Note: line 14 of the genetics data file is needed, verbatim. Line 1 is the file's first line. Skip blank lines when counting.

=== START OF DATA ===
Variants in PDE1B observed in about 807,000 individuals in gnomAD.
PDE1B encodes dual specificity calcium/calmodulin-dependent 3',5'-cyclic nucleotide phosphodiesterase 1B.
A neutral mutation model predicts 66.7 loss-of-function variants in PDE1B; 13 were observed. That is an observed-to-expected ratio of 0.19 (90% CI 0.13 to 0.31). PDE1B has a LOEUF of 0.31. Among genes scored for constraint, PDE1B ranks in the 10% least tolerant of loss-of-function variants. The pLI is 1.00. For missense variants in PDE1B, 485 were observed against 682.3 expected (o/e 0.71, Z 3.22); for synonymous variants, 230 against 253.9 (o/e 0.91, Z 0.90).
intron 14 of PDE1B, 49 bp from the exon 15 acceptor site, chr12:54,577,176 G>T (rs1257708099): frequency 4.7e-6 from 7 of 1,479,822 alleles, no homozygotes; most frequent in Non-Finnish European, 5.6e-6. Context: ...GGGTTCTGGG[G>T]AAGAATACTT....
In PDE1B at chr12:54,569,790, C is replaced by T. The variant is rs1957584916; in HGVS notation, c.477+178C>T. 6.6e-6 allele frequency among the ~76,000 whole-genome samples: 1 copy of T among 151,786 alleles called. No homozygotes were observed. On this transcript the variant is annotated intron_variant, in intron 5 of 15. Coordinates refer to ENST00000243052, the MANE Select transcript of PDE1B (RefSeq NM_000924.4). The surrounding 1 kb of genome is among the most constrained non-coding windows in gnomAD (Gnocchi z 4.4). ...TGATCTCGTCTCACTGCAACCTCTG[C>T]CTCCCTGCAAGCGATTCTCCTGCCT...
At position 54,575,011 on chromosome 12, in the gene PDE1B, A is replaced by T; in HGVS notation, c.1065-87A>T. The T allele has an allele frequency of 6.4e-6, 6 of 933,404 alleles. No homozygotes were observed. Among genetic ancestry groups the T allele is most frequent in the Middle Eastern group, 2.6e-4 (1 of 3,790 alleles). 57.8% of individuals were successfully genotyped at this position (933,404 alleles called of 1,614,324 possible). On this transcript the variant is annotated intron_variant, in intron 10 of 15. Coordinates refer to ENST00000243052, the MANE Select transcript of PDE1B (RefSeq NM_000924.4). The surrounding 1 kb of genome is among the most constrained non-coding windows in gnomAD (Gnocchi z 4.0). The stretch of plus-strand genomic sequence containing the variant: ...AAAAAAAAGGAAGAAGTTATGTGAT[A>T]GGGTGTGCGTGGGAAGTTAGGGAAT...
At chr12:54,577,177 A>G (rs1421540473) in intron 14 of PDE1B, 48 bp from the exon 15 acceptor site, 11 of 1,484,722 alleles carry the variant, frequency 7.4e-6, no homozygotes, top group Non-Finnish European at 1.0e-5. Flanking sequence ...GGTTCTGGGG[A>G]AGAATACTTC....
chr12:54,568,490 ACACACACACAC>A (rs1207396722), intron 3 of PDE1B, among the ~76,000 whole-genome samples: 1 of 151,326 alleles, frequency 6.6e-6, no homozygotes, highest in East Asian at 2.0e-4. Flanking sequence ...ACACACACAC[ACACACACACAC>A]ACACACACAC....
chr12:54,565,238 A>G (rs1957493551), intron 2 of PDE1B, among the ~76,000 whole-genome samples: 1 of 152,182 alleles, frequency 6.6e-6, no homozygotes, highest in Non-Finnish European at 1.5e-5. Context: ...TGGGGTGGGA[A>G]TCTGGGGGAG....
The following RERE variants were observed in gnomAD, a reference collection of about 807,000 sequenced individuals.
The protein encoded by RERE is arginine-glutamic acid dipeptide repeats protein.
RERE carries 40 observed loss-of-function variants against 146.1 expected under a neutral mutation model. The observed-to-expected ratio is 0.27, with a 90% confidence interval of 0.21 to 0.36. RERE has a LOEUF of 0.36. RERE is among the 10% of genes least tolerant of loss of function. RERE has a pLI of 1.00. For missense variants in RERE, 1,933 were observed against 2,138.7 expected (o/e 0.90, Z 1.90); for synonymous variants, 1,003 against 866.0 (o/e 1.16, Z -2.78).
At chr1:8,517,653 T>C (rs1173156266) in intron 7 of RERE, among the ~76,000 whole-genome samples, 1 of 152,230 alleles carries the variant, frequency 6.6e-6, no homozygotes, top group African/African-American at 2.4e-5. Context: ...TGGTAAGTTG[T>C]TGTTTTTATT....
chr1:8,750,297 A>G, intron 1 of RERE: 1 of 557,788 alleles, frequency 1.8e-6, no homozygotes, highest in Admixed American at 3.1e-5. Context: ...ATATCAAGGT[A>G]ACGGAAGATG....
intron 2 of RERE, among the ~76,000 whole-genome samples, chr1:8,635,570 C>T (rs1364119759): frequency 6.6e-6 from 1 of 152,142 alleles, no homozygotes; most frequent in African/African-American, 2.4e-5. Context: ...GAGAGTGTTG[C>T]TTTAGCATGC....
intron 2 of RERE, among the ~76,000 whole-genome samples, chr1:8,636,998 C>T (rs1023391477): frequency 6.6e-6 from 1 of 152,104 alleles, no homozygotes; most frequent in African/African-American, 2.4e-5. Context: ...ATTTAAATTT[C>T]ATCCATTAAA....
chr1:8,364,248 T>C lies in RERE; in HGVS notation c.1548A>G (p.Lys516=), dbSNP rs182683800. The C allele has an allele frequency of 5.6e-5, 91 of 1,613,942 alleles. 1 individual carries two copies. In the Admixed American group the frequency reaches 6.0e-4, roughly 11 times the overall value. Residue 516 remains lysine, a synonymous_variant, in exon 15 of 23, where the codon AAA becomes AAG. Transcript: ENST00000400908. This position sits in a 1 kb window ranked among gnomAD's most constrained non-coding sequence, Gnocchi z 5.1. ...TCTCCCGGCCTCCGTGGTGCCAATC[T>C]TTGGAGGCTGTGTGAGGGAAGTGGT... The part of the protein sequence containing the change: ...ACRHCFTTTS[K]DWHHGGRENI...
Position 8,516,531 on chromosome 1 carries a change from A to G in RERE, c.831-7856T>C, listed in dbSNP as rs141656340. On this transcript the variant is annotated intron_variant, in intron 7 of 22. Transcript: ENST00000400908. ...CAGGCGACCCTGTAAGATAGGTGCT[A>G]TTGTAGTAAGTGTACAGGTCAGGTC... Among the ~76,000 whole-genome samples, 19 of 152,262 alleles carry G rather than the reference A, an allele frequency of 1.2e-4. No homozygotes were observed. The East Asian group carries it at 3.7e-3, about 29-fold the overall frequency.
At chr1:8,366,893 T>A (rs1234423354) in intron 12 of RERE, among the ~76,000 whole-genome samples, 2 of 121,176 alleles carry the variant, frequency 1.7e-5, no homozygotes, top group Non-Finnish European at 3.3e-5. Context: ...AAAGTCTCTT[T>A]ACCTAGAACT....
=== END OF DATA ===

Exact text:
chr1:8,750,297 A>G, intron 1 of RERE: 1 of 557,788 alleles, frequency 1.8e-6, no homozygotes, highest in Admixed American at 3.1e-5. Context: ...ATATCAAGGT[A>G]ACGGAAGATG....